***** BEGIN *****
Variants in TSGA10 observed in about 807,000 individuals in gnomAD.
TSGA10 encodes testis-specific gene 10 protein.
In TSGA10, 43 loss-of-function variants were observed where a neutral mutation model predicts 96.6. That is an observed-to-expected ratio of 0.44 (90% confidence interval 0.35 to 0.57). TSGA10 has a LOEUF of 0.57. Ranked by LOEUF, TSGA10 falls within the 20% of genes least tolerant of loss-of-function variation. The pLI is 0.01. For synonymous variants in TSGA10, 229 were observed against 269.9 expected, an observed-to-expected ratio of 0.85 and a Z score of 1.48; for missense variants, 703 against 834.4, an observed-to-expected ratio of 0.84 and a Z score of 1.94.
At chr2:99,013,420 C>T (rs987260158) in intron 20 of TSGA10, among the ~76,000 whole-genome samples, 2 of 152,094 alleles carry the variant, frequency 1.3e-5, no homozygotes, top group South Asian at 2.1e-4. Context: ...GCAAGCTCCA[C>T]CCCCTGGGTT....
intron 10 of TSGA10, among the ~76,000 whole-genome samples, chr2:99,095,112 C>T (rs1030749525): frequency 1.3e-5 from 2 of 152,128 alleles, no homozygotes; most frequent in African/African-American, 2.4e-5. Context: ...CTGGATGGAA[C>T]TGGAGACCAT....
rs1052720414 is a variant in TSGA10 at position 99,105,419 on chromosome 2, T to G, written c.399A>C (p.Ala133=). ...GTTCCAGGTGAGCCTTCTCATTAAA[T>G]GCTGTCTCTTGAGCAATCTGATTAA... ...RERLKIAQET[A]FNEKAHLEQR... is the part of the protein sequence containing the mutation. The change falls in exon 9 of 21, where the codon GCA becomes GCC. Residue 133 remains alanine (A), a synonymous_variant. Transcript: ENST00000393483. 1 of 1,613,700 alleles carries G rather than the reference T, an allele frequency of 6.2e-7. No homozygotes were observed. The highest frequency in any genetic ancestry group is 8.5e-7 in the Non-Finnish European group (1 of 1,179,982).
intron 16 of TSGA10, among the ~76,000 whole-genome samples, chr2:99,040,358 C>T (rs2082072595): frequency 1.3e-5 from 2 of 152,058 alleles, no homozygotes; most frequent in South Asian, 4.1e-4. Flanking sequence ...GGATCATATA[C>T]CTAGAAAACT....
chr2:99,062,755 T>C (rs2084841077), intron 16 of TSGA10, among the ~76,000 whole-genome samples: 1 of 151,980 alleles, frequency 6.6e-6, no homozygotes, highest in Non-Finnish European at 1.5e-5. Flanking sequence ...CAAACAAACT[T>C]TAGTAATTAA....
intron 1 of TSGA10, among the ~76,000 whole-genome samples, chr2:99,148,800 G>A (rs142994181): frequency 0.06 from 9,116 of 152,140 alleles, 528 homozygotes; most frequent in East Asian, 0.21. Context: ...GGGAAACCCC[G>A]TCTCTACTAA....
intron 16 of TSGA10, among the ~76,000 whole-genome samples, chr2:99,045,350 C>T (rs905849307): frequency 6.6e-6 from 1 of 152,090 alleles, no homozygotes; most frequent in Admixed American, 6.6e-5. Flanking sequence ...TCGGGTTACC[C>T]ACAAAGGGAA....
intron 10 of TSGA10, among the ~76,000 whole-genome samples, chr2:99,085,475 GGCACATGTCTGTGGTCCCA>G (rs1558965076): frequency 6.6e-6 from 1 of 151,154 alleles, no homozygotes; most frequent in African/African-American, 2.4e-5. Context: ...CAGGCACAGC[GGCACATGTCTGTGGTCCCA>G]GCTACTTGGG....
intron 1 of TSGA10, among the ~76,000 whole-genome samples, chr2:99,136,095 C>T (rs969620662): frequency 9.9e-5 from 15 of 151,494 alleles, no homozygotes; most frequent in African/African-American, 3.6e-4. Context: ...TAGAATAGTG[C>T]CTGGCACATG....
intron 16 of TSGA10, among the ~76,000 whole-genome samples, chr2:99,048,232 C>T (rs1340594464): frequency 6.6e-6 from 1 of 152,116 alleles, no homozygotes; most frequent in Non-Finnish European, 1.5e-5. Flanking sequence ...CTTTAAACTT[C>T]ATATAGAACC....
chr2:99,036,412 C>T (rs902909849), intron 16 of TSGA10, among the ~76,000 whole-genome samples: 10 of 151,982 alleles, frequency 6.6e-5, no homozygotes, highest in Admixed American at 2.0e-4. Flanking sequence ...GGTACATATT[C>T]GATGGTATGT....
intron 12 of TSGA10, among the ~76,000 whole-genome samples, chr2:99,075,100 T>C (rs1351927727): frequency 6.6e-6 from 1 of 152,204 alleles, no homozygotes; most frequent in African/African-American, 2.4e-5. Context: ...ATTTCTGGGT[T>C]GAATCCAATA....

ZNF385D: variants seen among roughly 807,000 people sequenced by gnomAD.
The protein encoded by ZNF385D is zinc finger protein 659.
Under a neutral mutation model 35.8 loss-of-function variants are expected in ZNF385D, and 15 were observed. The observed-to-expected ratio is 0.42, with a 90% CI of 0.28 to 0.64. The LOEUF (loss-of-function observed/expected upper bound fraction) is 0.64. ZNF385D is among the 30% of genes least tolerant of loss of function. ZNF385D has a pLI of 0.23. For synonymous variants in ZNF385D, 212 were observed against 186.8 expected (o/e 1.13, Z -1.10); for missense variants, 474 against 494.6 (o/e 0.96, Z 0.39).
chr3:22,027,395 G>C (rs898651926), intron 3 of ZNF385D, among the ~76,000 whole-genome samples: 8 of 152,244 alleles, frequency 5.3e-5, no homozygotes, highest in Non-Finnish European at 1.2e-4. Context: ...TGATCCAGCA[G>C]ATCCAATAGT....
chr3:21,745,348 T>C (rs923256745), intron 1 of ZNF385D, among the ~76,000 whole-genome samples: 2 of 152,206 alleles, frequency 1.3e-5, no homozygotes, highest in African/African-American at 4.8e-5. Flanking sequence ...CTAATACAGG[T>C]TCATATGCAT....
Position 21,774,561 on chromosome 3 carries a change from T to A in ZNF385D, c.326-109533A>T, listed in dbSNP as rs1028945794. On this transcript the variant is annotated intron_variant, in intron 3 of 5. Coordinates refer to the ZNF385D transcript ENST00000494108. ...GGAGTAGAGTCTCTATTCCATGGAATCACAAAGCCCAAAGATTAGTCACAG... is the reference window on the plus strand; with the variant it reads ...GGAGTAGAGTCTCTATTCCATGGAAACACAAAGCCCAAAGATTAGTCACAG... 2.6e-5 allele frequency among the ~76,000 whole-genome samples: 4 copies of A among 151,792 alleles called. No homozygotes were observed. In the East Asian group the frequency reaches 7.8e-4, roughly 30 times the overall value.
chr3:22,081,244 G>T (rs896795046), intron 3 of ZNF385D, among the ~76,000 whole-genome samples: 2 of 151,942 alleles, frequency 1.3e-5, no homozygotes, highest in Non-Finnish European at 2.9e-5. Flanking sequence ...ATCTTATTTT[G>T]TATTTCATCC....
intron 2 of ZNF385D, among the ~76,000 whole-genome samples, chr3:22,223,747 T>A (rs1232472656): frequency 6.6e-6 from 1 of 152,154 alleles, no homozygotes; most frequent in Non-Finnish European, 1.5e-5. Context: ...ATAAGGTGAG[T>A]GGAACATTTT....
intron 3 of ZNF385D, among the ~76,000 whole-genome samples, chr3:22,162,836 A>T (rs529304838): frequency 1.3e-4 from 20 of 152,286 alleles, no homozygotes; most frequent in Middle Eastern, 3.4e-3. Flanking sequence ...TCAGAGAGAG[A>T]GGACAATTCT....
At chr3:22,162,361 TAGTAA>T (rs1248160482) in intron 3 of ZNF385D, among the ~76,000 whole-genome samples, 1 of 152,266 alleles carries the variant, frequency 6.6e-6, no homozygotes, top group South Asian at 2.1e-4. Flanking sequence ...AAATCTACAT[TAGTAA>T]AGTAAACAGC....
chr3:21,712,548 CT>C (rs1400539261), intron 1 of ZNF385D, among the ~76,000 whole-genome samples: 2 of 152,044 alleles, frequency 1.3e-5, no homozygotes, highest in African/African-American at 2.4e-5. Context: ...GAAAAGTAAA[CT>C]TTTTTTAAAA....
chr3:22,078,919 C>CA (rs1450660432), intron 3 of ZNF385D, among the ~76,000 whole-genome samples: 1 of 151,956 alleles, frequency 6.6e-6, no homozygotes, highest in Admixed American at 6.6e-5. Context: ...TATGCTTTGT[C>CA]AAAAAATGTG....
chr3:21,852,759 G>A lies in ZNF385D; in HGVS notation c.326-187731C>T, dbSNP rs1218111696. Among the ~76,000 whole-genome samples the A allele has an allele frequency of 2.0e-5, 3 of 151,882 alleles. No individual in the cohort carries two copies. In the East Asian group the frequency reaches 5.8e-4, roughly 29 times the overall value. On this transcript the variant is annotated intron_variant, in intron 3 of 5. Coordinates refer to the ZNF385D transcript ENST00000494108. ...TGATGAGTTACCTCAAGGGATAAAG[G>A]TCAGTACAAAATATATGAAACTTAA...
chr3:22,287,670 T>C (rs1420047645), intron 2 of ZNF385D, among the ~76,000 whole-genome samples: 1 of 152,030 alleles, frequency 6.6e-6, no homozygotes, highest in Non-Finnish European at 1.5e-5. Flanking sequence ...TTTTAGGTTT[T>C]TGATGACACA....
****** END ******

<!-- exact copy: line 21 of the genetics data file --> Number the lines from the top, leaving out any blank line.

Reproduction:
Position 21,774,561 on chromosome 3 carries a change from T to A in ZNF385D, c.326-109533A>T, listed in dbSNP as rs1028945794. On this transcript the variant is annotated intron_variant, in intron 3 of 5. Coordinates refer to the ZNF385D transcript ENST00000494108. ...GGAGTAGAGTCTCTATTCCATGGAATCACAAAGCCCAAAGATTAGTCACAG... is the reference window on the plus strand; with the variant it reads ...GGAGTAGAGTCTCTATTCCATGGAAACACAAAGCCCAAAGATTAGTCACAG... 2.6e-5 allele frequency among the ~76,000 whole-genome samples: 4 copies of A among 151,792 alleles called. No homozygotes were observed. In the East Asian group the frequency reaches 7.8e-4, roughly 30 times the overall value.